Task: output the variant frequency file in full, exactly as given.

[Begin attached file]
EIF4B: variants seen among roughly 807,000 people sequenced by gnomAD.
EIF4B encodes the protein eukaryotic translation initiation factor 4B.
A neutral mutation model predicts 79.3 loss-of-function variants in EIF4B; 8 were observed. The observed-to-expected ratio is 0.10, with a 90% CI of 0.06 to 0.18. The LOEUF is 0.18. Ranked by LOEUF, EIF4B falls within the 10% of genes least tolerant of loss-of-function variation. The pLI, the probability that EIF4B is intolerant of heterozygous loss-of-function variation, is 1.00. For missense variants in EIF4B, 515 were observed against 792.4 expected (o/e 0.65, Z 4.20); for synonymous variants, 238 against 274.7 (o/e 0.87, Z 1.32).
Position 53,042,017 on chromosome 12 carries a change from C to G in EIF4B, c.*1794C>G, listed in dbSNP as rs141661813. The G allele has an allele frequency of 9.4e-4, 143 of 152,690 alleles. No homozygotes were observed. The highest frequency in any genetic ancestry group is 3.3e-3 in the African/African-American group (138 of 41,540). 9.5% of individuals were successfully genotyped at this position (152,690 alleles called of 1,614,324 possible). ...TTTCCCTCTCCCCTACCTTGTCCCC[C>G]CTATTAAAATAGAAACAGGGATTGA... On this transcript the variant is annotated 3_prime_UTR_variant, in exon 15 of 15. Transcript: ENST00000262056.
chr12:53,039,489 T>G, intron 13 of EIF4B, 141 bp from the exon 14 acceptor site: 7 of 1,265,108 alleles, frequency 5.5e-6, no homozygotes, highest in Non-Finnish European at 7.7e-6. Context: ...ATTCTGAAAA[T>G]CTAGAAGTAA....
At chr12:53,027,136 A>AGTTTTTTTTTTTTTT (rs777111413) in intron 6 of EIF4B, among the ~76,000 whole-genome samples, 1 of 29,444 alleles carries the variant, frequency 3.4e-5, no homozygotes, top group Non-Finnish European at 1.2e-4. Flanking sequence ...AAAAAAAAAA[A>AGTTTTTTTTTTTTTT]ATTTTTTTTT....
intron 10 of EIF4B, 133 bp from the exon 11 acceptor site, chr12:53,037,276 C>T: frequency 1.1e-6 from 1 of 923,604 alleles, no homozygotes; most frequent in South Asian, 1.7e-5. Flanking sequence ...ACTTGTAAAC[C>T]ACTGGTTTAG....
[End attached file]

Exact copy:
EIF4B: variants seen among roughly 807,000 people sequenced by gnomAD.
EIF4B encodes the protein eukaryotic translation initiation factor 4B.
A neutral mutation model predicts 79.3 loss-of-function variants in EIF4B; 8 were observed. The observed-to-expected ratio is 0.10, with a 90% CI of 0.06 to 0.18. The LOEUF is 0.18. Ranked by LOEUF, EIF4B falls within the 10% of genes least tolerant of loss-of-function variation. The pLI, the probability that EIF4B is intolerant of heterozygous loss-of-function variation, is 1.00. For missense variants in EIF4B, 515 were observed against 792.4 expected (o/e 0.65, Z 4.20); for synonymous variants, 238 against 274.7 (o/e 0.87, Z 1.32).
Position 53,042,017 on chromosome 12 carries a change from C to G in EIF4B, c.*1794C>G, listed in dbSNP as rs141661813. The G allele has an allele frequency of 9.4e-4, 143 of 152,690 alleles. No homozygotes were observed. The highest frequency in any genetic ancestry group is 3.3e-3 in the African/African-American group (138 of 41,540). 9.5% of individuals were successfully genotyped at this position (152,690 alleles called of 1,614,324 possible). ...TTTCCCTCTCCCCTACCTTGTCCCC[C>G]CTATTAAAATAGAAACAGGGATTGA... On this transcript the variant is annotated 3_prime_UTR_variant, in exon 15 of 15. Transcript: ENST00000262056.
chr12:53,039,489 T>G, intron 13 of EIF4B, 141 bp from the exon 14 acceptor site: 7 of 1,265,108 alleles, frequency 5.5e-6, no homozygotes, highest in Non-Finnish European at 7.7e-6. Context: ...ATTCTGAAAA[T>G]CTAGAAGTAA....
At chr12:53,027,136 A>AGTTTTTTTTTTTTTT (rs777111413) in intron 6 of EIF4B, among the ~76,000 whole-genome samples, 1 of 29,444 alleles carries the variant, frequency 3.4e-5, no homozygotes, top group Non-Finnish European at 1.2e-4. Flanking sequence ...AAAAAAAAAA[A>AGTTTTTTTTTTTTTT]ATTTTTTTTT....
intron 10 of EIF4B, 133 bp from the exon 11 acceptor site, chr12:53,037,276 C>T: frequency 1.1e-6 from 1 of 923,604 alleles, no homozygotes; most frequent in South Asian, 1.7e-5. Flanking sequence ...ACTTGTAAAC[C>T]ACTGGTTTAG....